Eat & Drink, juice for health

Happy National Spinach Day!


HH Vege JuiceWell, I have to admit I didn’t know it was National Spinach Day until a friend on Instagram clued me in, but really…what day isn’t spinach day?!

(or juice day for that matter)

Blender Breakfast (2 servings)

1 banana

1 cup grapes

2 cup spinach

1/2 cucumber

1 cup cold water

2 tablespoons freshly ground flax seed (i use a coffee grinder)

1/4 teaspoon Vitamin C-1000 powder


Combine ingredients. blend. enjoy.

– Corinna

Eat & Drink

Herb Crostini



Crostini is a great use for home dried herbs, and is my current favorite snack. Crostini, meaning “little toasts” in Italian, it is easy to make, works great as a use for day old bread, and keeps for up to a week in a plastic bag or glass container. They are also amazing served as appetizers, topped with fresh mozzarella, pate, roast peppers, or anything that strikes your fancy.

Fresh Herb Crostini

1 loaf French bread, cut crosswise into 1/4-inch-thick slices

Extra virgin olive oil

Dry herbs: Any combination you can think of (this batch is simply Rosemary & Thyme)

Salt & Freshly ground black pepper

Cooking Instructions

1. Preheat the oven to 400*F

2. Arrange the bread slices on the baking sheet and generously brush with olive oil.

3. Combine herbs, Salt & Pepper and sprinkle over bread slices.

4. Bake for about 6 minutes, turning the baking sheet around in the oven halfway through the baking time to ensure even browning.

5. Cool Crostini completely before serving.


– Corinna Mantlo

Eat & Drink

Cauliflower, Leek, Potato Soup


happy homesteader leek soup 1

A member of the onion and garlic family, leeks have a uniquely wonderful, almost sweet flavor. They are a rich source of vitamins C & A, and Folate. If new to cooking with leeks, have no fear, it couldn’t be simpler. Choose firm, stalks without withered tops. Remove tough, green tops, slice lengthwise and rinse thoroughly to remove sandy soil they are grown in. That’s it. Enjoy!


1 head Cauliflower, chopped

2 Leeks, chopped (use the white and light green portion)

1 Red Potato, chopped with skin on

1 tablespoons Butter

2 tablespoon Olive Oil

2 cups Chicken Stock or Vegetable Stock

4 cups Water

1/4 cup White Wine

Salt & Pepper to taste

fresh or dried Parsley for garnish

happy homesteader leek soup


1. In a large pot, saute leeks in butter until soft, about 2 minutes.

2. Add olive oil, wine, and cauliflower and cook, stirring occasionally, for 10 minutes.

3. Add stock, water and potato and bring pot to a boil.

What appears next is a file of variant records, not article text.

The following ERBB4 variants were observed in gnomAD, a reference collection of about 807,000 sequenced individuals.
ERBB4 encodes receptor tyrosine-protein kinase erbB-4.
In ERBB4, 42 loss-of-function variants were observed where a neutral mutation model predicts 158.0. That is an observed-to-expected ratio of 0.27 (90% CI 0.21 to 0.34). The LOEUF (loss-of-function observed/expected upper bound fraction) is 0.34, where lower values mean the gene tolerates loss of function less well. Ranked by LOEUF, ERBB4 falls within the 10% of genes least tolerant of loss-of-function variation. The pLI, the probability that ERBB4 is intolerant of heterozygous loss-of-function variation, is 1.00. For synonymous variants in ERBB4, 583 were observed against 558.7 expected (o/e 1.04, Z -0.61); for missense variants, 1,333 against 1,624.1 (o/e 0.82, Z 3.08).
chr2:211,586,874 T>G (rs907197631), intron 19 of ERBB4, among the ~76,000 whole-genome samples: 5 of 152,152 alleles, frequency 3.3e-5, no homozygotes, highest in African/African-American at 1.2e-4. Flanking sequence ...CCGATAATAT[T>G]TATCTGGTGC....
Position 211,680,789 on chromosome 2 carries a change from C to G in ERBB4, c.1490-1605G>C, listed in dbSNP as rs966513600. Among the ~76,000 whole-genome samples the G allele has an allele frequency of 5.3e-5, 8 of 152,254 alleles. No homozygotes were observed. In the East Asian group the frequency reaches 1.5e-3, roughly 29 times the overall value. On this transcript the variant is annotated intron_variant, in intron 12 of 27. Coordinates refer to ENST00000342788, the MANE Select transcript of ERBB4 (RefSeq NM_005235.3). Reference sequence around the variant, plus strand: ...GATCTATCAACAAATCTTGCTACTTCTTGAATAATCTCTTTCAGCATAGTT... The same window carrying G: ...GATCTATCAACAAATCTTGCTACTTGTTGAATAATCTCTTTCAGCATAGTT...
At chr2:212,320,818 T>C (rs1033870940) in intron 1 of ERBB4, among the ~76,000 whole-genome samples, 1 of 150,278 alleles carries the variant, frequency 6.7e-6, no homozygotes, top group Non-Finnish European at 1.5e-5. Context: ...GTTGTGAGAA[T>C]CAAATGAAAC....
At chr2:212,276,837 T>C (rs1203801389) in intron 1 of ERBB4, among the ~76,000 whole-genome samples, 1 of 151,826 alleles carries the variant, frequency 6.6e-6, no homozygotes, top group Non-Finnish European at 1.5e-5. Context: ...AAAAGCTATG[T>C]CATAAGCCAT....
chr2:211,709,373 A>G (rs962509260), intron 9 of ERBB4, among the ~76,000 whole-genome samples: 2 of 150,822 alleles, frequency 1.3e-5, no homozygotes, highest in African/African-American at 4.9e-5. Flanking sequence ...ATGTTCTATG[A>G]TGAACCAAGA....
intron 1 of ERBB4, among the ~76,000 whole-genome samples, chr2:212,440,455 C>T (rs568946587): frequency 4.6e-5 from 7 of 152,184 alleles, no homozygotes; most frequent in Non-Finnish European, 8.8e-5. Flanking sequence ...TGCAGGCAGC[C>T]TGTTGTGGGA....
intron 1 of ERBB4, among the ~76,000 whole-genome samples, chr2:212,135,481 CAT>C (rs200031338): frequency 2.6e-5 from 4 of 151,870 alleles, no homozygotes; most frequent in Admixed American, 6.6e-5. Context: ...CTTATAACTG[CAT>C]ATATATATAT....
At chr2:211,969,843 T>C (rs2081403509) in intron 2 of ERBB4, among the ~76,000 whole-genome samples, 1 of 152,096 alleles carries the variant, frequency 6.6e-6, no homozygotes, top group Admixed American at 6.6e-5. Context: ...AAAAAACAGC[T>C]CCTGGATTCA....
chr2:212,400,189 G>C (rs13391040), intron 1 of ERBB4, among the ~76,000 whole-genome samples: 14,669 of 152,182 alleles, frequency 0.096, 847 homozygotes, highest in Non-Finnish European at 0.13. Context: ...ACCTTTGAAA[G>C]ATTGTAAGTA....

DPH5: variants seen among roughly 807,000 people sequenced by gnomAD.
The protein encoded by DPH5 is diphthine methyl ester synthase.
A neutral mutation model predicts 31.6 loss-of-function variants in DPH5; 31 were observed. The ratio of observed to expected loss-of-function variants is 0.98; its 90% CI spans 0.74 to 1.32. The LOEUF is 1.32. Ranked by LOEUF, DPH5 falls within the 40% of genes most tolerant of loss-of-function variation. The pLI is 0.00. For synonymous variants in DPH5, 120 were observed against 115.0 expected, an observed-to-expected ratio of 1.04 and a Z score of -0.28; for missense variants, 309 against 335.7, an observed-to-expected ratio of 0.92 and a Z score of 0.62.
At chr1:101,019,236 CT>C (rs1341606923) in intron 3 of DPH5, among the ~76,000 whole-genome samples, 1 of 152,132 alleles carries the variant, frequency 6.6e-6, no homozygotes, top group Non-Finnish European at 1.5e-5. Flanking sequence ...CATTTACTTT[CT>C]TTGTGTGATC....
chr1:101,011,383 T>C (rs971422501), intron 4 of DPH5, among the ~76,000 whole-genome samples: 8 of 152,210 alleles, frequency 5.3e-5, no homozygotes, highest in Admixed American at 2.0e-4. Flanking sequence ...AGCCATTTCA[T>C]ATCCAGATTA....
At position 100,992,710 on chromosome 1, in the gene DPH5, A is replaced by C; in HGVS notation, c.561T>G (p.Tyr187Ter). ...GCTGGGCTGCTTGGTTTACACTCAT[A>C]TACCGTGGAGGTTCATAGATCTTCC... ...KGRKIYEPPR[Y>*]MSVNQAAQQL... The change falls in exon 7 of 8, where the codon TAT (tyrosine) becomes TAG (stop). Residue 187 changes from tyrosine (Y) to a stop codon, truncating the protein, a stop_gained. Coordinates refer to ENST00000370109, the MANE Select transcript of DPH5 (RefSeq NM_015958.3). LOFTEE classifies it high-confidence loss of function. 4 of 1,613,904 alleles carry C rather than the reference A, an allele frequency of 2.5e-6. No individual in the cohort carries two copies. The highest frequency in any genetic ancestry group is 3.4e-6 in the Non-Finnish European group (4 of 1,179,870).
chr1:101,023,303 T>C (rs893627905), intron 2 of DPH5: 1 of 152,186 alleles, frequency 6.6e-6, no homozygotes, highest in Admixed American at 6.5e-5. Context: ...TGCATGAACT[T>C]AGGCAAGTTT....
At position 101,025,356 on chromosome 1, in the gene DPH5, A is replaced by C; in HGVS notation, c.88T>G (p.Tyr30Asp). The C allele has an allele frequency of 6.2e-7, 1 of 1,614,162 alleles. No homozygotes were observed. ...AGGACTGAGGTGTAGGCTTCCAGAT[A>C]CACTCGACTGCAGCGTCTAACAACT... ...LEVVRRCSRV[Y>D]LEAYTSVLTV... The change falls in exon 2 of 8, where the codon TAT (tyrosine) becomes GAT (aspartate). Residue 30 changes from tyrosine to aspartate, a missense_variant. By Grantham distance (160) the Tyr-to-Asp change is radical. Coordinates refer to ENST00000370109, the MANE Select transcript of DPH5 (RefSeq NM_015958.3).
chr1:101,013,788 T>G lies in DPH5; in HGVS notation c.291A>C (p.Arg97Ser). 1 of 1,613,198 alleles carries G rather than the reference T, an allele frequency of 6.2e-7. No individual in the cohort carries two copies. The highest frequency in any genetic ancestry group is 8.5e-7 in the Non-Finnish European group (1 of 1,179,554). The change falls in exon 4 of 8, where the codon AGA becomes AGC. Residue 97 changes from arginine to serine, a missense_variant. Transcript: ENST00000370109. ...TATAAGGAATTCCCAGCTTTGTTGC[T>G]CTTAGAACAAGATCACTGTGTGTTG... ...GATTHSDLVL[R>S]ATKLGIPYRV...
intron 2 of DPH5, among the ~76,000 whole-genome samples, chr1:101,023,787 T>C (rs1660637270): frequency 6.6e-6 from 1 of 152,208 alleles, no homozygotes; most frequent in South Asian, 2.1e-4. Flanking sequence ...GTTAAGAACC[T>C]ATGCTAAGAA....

4. Lower heat and simmer for 20 minutes until all vegetables are soft.

5. Let soup cool, then puree in a blender, in 3 batches.

6. Reheat, garnish with parsley and serve.

Eat & Drink

Pumpkin Butter

Butters of all sorts are a winter staple. Pumpkin butter, though not can-able (see the USDA site for details)  it’s a great fall harvest treat that’s quick to make, especially if you have frozen Pumpkin puree waiting in the freezer. See the Pumpkin Harvest post for details on preparing pumpkin for pie, butter and freezing.


Ingredients: Simply blend and serve

2 cups homemade pumpkin puree

1 tbsp freshly ground sunflower seeds (raw, without shells)

2 tbsp raw sugar

1/2 tbsp fresh, grated ginger

1/2 tbsp cinnamon

1/2 tbsp nutmeg

pinch of salt


Eat & Drink

Pumpkin Harvest

Just a quick note on pumpkin puree preparation. Whether you’re pulling them out of your garden or picking them up half price after halloween (jack o lantern pumpkins aren’t as flavorful as the sugar & cooking varieties), this is the 20 minute method to not using store bought Can-O-Pumpkin for all your holiday recipes.
1. Slice pumpkin in half. Scoop seeds and stringy pulp into a bowl. Set aside.

2. In a large pot with a steamer basket, bring a few inches of water to a boil. Fill steamer basket with the pumpkin slices, cover and steam for 20-30 minutes until cooked through.

 3. Meanwhile. under running water and using your fingers, separate seeds from stringy pulp. Save seeds and discard the pulp. See note at end of post for what to do with seeds.

4. When the pumpkin is cooked through, let it cool and cut away skin. Cut pumpkin into chunks.

5. In a blender, puree.